Agonizing over Aid

December 16, 2008

     By Duncan Green     

Nothing makes me feel more like a woolly liberal than the aid debate. I seem condemned to see both sides of the argument and veer between the ‘aid as salvation’ and ‘aid as imperialism’ camps. With equal vehemence and seemingly absolute certainty, aid pessimists slug it out with aid optimists, often citing the same evidence, but arriving at completely opposed conclusions. What’s particularly odd is that the most scathing sceptics often work for the aid industry, or at least for the NGOs. It’s a bit like the Automobile Association urging a mass switch to rail (if only).

The latest anti-aid salvo comes from Jonathan Glennie, in a crisp, well argued book to be published in October (one of the benefits of being in the back-cover-plug business is you get to see stuff early). Jonathan divides up the impacts of aid into

· Direct impacts: in recent years aid has funded lifesaving AIDS drugs for two million people, paid for 30 million bednets, leading to a two thirds reduction in child deaths in Rwanda, and so on. With the exception of the odd dud infrastructure project, this is strongest argument for aid.
· Policy impacts: cue big critique of economic policy conditionality, which I would share
· Institutional impacts: Glennie sees these as overwhelmingly negative. Again I would have some sympathy with this – see the revealing paper on the impact of aid on Ghana, by my colleague Emily Jones or the great article on Afghanistan in June’s Prospect magazine  – but the impact of aid on institutions is complicated; healthcare and education are not just good in themselves, but vital to building accountable institutions
· Macroeconomic impacts: a somewhat flimsy discussion on whether aid does/doesn’t lead to growth, and whether growth does/doesn’t lead to poverty reduction, plus that staple debating point of aid economists, Dutch Disease.

So aid has good points and bad points (shock!). The interesting thing is what happens next – Jonathan concludes that we need ‘less and better aid’, whereas Oxfam (like most of the aid industry) plumps for ‘more and better aid’. I’m not sure there is any rigorous way of weighting aid’s positives and negatives, because they mix up things you can measure and things you can’t – short term growth, the emergence of political institutions, citizenship, rights and long term development.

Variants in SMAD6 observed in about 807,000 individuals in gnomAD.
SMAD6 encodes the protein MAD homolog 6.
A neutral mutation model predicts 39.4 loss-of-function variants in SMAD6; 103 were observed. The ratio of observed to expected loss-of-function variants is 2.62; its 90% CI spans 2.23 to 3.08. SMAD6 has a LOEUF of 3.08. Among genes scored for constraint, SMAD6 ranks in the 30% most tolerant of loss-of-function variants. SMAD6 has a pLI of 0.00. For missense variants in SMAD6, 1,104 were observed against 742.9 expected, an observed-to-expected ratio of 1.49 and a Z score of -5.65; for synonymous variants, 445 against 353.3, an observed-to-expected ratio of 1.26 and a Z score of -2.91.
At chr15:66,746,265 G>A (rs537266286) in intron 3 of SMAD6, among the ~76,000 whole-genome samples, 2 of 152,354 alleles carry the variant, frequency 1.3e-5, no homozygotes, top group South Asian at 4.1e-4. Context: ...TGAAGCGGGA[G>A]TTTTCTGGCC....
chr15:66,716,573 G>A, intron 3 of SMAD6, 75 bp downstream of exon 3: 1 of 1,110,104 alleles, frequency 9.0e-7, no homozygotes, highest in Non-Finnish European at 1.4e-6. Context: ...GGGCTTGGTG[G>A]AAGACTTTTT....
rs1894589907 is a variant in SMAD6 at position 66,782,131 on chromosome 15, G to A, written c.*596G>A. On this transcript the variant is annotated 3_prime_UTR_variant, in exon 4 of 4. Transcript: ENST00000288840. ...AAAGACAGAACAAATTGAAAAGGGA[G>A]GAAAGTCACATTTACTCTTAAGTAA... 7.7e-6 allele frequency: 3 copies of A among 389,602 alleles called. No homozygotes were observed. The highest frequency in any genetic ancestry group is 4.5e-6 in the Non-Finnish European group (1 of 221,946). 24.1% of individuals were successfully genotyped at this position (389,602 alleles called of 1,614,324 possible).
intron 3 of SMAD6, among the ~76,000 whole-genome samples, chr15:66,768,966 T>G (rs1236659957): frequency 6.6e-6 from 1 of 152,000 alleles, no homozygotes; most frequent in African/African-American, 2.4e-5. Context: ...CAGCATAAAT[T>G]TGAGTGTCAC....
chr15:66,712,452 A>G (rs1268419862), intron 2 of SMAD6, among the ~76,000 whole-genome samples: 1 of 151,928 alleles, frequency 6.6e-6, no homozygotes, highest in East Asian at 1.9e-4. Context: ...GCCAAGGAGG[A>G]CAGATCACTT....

Jonathan slags off Oxfam and others for being ‘caught in a curious double speak. On the one hand they are some of the most forthright critics of aid conditionality and its harmful effects on Africa. On the other, they are the most vocal of all of aid’s advocates.’ But is that such a contradiction? We are arguing (based on what we have seen on the ground) that aid can be improved, the good impacts strengthened, the bad impacts contained. He thinks aid is beyond repair. Glennie uses a wonderful syllogism from the classic British political comedy ‘Yes Minister’ to caricature aid optimists’ argument, ‘Something must be done; this is something; therefore we must do it.’

But I have my doubts about the psychology underpinning the oppositionalist line as well – long experience in NGO-land shows how much safer we find it to oppose than to propose solutions. Proposing things runs the risk of winning, with all the anxiety that brings that you will be proved wrong, or have been coopted or conned. This may help explain why NGOs can be so grudging in their recognition that aid systems are improving in many respects. There is simply no comparison between the days of no-questions-asked slush funds for dictators like Zaire’s Mobutu, and how aid is managed today, but we seldom acknowledge this.

All this is covered in From Poverty to Power (more on aid here), including a handy table comparing the work of three top aid gurus, Jeffrey ‘optimist’ Sachs; William ‘pessimist’ Easterly and Paul ‘Bottom Billion’ Collier. I conclude that aid can (and must) be designed so as to strengthen, rather than undermine, the ‘social contract’ between citizen and state that lies at the heart of development. Rich countries have a moral obligation to provide ‘more and better aid’, but we should certainly not put all our eggs in the aid basket or assume that aid alone can ‘make poverty history’ (to coin a phrase). The main arena of development is national, (where most of Oxfam’s work takes place) and the main actors are active citizens and effective states (at least I agree with Jonathan on that).

With two big aid summits scheduled for the autumn (in Accra on aid effectiveness, and Doha on ‘Financing for Development’), expect to see much more jousting between optimists and pessimists, each arguing their case with absolute conviction. If I am among them, please remind me of this admission of self doubt…

Last word goes to Gebreselassie Yosief Tesfamichael, Eritrea’s Finance Minister, in the wake of the Gleneagles summit, which in stark contrast to Hokkaido, made real advances on aid:

‘By many measures, it’s been a great year for Africa, with debt relief, awareness-raising concerts and G-8 leaders pledging more aid. I’m gratified the world has turned so much attention to my continent. At the same time, a voice inside me wants to shout: “Wait. This is not the way real development happens! … We continue to ignore the stark lesson that externally imposed development models haven’t gotten us far. The only way forward is for Africa to drive its own bus and for the driver and passengers to be in full agreement about where they’re going. That said, we do need help filling up the tank.’


December 16, 2008
Duncan Green